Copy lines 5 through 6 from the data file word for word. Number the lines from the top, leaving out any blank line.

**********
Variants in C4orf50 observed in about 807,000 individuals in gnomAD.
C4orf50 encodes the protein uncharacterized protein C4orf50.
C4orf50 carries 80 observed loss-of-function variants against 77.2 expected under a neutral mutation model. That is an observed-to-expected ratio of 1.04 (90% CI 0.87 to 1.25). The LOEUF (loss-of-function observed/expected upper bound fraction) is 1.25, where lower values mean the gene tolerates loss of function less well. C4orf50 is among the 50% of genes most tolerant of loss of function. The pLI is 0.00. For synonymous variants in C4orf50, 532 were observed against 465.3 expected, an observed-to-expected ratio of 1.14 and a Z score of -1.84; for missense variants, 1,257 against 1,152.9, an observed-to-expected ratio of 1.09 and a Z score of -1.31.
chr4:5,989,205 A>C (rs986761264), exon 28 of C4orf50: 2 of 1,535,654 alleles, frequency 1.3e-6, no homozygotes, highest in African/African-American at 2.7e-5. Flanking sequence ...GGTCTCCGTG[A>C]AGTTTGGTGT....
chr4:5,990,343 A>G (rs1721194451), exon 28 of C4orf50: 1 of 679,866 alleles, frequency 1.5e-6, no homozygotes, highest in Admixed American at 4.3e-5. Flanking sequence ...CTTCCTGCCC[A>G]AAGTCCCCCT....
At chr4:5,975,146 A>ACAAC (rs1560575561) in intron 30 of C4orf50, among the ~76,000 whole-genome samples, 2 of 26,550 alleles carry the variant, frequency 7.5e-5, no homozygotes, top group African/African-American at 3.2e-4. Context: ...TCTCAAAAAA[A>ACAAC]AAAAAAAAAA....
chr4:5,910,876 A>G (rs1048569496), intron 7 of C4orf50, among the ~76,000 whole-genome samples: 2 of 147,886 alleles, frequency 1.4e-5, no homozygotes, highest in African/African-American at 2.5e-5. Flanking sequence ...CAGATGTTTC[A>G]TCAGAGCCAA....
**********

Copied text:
chr4:5,990,343 A>G (rs1721194451), exon 28 of C4orf50: 1 of 679,866 alleles, frequency 1.5e-6, no homozygotes, highest in Admixed American at 4.3e-5. Flanking sequence ...CTTCCTGCCC[A>G]AAGTCCCCCT....
At chr4:5,975,146 A>ACAAC (rs1560575561) in intron 30 of C4orf50, among the ~76,000 whole-genome samples, 2 of 26,550 alleles carry the variant, frequency 7.5e-5, no homozygotes, top group African/African-American at 3.2e-4. Context: ...TCTCAAAAAA[A>ACAAC]AAAAAAAAAA....